"You feel like a sucker if you're paying a $5 million mortgage on a house that's worth $2 million," said Zanganeh while showing the grounds of an 11-acre Las Vegas estate built by Prince Jefri Bolkiah, brother of the Sultan of Brunei. "These days, there are no traditional sales. They're all short sales or bank-owned."
The estate — with 18 bedrooms, 36 bathrooms, a 20,000-bottle wine cellar, an 11-car garage and air-conditioned stables for 10 horses — sold for $14 million in 2004 to Eric Petersen, who owned Consumer Credit Services, a Las Vegas-based catalog-merchandising company that closed in 2008. Petersen said he spent $20 million to make it habitable.
It's back on the block for $25 million — $9 million less than his investment — with an offer "for considerably less on the table," Petersen said. He has slashed the listing price four times since October from an initial $37.5 million.
"I gave up on Vegas," Petersen said.
Another listing with Zanganeh's firm, Luxe Estates Collection, is a never-occupied, bank-owned mansion overlooking a Jack Nicklaus-designed golf course in the gated Ridges community west of Las Vegas. The asking price is $3 million for the 8,550-square-foot house, which was repossessed in 2010 and had a $3.2 million mortgage from the Community Bank of Nevada, a lender seized by regulators in August 2009.
About 100 homes in the county are listed for $3 million or more, according to the Las Vegas Realtors, a five-year supply at the current sales pace.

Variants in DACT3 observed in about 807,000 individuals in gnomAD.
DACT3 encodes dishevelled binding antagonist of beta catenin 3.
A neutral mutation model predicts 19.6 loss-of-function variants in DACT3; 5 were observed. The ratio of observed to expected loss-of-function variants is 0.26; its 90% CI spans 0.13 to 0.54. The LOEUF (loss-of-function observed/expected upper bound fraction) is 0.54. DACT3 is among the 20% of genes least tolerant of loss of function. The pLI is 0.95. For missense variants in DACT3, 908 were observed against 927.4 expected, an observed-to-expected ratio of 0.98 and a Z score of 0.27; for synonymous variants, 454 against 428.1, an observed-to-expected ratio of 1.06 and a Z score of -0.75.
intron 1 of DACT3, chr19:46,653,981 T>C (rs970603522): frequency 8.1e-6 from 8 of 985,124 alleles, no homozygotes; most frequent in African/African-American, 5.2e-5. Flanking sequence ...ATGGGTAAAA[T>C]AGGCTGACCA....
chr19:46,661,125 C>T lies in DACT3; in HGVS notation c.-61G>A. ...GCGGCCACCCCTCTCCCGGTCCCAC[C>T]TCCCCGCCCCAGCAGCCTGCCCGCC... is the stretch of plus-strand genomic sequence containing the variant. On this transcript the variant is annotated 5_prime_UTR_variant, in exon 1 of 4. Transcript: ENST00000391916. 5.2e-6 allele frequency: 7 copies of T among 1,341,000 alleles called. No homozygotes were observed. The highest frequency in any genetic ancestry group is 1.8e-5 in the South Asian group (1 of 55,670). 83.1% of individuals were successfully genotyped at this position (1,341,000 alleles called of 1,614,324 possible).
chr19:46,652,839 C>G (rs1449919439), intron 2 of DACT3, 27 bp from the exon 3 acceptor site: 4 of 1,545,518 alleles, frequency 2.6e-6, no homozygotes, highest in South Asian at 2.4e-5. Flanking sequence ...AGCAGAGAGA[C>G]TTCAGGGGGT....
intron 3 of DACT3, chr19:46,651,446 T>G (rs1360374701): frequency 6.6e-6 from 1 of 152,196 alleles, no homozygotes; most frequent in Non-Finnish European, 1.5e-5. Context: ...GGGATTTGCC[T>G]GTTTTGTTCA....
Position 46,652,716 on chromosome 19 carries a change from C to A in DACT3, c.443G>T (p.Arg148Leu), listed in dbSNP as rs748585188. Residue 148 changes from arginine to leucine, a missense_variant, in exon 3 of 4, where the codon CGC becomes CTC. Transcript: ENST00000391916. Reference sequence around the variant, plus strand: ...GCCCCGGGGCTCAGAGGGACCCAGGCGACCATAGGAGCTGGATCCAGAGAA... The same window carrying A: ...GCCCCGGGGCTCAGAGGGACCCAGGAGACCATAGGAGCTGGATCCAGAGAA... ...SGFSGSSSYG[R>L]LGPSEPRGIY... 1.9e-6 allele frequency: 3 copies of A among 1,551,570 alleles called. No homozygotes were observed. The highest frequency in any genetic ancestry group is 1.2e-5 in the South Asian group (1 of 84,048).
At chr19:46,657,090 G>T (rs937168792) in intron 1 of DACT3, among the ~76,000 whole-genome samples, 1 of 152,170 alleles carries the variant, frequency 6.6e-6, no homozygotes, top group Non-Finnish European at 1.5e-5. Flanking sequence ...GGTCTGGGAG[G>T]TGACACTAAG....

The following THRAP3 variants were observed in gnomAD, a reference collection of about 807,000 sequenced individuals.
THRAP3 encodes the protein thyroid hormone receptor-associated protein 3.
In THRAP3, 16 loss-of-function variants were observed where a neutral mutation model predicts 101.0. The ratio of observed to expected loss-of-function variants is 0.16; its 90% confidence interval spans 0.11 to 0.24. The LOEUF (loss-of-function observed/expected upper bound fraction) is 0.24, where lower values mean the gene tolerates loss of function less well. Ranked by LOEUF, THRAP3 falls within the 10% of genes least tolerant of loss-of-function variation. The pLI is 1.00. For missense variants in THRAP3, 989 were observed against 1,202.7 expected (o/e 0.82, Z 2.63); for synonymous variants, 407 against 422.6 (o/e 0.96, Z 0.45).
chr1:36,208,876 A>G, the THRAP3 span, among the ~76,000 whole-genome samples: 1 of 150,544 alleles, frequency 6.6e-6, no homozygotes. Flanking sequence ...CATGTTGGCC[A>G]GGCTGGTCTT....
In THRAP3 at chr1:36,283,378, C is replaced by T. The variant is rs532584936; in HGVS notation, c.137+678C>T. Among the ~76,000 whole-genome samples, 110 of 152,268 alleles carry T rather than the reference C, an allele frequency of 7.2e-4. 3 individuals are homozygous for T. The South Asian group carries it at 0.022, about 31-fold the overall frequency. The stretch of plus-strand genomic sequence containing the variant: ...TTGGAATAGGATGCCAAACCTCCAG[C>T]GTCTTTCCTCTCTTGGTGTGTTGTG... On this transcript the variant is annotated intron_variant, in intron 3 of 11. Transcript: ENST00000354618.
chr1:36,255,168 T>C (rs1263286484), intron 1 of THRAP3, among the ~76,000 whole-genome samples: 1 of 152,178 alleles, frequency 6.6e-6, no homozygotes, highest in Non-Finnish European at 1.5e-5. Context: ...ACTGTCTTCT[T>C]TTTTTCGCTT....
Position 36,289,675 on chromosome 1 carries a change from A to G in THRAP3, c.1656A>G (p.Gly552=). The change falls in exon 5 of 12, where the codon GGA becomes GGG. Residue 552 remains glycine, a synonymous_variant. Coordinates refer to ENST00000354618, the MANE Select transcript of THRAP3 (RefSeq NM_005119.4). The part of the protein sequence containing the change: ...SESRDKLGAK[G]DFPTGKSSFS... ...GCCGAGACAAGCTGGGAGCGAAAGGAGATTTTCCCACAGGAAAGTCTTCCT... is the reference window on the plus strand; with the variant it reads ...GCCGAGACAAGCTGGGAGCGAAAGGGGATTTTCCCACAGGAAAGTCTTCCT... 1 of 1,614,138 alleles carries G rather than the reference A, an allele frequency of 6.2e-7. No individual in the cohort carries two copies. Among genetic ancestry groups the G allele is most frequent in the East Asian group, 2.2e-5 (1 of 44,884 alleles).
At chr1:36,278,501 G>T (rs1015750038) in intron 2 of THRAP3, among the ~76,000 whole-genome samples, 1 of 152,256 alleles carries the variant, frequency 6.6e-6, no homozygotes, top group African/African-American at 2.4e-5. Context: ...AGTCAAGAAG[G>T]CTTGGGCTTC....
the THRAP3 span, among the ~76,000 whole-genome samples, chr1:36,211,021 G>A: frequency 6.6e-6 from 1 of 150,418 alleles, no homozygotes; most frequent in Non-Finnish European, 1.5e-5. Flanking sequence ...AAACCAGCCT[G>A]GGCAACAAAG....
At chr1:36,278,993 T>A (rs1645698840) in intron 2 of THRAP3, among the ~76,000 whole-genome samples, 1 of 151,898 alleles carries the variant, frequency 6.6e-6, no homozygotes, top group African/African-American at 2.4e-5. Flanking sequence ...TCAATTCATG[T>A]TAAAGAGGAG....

In Nevada, 23 percent of delinquent borrowers said they "strategically defaulted," or walked away from their homes by choice rather than necessity, according to a January report by the Nevada Association of Realtors.
"It's folks that feel the hopelessness of it all," Rob Wigton, chief executive officer of the state association, said in a telephone interview from Reno. "They've rolled the dice and lost."
The population of Clark County, home of Las Vegas, has fallen by about 16,000 from its estimated high of 1.97 million in 2008, according to the Nevada State Demographer. Almost 15 percent of homes in the county — 125,000 residences — were vacant, according to the 2010 Census, after a construction boom in the last decade that peaked with 39,000 housing permits issued in 2005.
Las Vegas home values plunged 58 percent from the 2006 high-water mark through February, the biggest drop of the 20 metropolitan areas tracked by the S&P/Case-Shiller index, and are the lowest since June 1999, the group said last week. Prices fell 7.4 percent in March from a year earlier to a median $125,950, the Las Vegas Realtors reported April 8.
Almost 70 percent of Las Vegas-area homeowners with mortgages were underwater at the end of 2010, meaning they owed more than the value of the property, according to CoreLogic, a Santa Ana, Calif., real-estate information company. Among cities with a population of more than 200,000, Las Vegas has led the nation in the pace of foreclosure actions since November 2009, with one of every 31 homes receiving a filing in the first quarter of this year, RealtyTrac, an information provider in Irvine, Calif., reported April 14.